Members Only | June 7, 2022 | Reading Time: 4 minutes

We’re in the middle of another covid surge. Yet Congress appears to have moved on

Another health, economic and political disaster in the making.

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We desperately need more funding for covid research and prevention, but the Congress has stalled thanks to right wing opposition. 

President Joe Biden is doing little to push them. 

Even progressives have largely moved on. 

The US is reporting around 100,000 new cases of covid a day. That’s likely an undercount. States and federal agencies are reducing data reporting. The rise of at-home tests mean many cases go unreported. Jeffrey Shaman, an infectious disease expert at Columbia University,  says the true number could be 800,000 cases a day. 

If it seems like everyone you know is getting covid, that’s because they are. We’re in the middle of a massive surge.


Reporting from the Biden White House suggests that the president sees his poor approval ratings as the result of biased news media coverage. But we’re in the middle of a serious, ongoing pandemic which Biden promised to defeat. His inability to do so is undoubtedly responsible for public frustration and weak poll numbers.


Yet for the most part, we’ve stopped trying to stem the spread of infection. Courts overturned the CDC’s mask mandate for public transportation. Localities have ended most of their own mask requirements. Quarantines and lockdowns aren’t on the table.

Fighting a new surge is barely on the agenda. NBC News reports that White House spokesperson Andrew Bates said Biden was focused on “an economic plan for the middle class that fights inflation for the long haul, cuts the cost of prescription drugs, child care, and energy while taking on the climate crisis, and further reducing the deficit.”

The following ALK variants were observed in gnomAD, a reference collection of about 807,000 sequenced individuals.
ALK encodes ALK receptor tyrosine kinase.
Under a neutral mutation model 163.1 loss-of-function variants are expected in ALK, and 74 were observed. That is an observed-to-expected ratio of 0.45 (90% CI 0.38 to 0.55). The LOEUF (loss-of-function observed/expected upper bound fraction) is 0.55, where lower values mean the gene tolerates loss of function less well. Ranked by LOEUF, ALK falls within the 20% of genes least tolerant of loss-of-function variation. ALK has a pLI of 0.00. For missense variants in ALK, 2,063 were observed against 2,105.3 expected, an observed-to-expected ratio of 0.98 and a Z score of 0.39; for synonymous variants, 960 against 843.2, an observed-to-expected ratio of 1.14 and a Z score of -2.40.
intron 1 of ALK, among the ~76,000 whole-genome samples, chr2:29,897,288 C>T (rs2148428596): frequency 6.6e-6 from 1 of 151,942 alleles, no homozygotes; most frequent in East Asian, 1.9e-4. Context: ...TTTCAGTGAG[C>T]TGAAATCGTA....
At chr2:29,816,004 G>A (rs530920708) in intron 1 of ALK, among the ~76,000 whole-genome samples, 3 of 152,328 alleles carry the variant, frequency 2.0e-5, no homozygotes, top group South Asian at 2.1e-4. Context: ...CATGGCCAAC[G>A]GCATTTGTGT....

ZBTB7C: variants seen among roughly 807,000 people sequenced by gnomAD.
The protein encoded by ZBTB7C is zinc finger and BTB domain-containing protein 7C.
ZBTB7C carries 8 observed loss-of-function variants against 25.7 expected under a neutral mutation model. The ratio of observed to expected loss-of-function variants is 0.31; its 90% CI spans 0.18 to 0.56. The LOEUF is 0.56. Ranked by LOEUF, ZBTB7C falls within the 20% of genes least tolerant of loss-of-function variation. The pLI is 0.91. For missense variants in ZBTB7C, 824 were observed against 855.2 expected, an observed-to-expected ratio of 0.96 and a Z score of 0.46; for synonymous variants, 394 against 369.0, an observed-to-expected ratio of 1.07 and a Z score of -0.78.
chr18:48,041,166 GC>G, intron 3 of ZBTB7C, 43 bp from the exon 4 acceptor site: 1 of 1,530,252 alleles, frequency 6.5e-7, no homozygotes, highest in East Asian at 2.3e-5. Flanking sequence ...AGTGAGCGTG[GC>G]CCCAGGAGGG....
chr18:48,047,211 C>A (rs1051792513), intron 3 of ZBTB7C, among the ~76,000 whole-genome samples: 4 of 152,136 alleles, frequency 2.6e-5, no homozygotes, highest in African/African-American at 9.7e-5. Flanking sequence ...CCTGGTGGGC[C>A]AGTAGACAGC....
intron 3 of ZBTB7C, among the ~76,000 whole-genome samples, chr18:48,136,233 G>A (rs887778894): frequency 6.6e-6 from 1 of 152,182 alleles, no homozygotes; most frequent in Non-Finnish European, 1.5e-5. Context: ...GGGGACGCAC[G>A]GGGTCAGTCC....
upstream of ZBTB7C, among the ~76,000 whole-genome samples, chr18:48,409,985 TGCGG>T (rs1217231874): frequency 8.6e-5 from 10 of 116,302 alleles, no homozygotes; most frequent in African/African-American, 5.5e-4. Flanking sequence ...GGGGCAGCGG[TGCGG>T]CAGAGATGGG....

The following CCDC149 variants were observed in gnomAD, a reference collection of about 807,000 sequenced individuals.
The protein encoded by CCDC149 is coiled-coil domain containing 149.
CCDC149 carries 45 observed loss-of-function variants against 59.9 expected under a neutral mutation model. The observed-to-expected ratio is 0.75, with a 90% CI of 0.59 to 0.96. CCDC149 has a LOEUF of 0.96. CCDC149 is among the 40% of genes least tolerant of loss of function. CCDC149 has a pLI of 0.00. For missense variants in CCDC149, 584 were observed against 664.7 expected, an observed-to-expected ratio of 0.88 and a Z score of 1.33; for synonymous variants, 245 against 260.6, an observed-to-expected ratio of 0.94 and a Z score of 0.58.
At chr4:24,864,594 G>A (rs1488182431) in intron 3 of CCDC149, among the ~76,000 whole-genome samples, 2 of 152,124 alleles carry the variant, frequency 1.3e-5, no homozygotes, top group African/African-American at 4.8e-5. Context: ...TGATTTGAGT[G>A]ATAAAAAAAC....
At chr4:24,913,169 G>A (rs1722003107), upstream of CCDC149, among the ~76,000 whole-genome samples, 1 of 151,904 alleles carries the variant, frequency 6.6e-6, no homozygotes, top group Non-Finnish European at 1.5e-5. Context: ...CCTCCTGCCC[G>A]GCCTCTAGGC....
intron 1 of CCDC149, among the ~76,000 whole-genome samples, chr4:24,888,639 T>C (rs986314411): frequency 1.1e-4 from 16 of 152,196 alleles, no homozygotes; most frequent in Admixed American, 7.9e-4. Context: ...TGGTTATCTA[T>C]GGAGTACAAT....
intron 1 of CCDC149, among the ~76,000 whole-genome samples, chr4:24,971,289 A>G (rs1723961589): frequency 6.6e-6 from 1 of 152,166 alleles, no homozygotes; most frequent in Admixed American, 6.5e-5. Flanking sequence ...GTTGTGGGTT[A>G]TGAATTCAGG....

There’s no mention there of fighting covid.

That’s unfortunate.  

There are about 2,500 covid deaths a week. News about long covid even for the vaccinated is more and more alarming. Unchecked covid spread creates misery, sickness and death on a huge scale.

Back in March, the White House put out a fact sheet listing dangerous consequences if the Congress did not pass additional covid funding. 

The document warned that without more funding, the government would not be able to purchase or fund boosters, and would not be able to purchase variant specific vaccines. 

Two and a half months later, Congress has still not passed covid legislation. And sure enough, the US is beginning to struggle to provide its people with vaccines.

The government has recommended a fourth vaccine shot for people 50 and older and for immunocompromised people. But it’s suggested only those likely to get “very sick” should get the shot.

Why is the government recommending that vulnerable populations hold off on getting boosters in the middle of a major surge? Presumably because they don’t have enough funds for everyone.


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This raises questions about whether the government is keeping vaccines from those under 50 because that’s the best decision or whether they simply lack the capacity to provide additional shots. 

In any case, without further funding, rationing will get worse.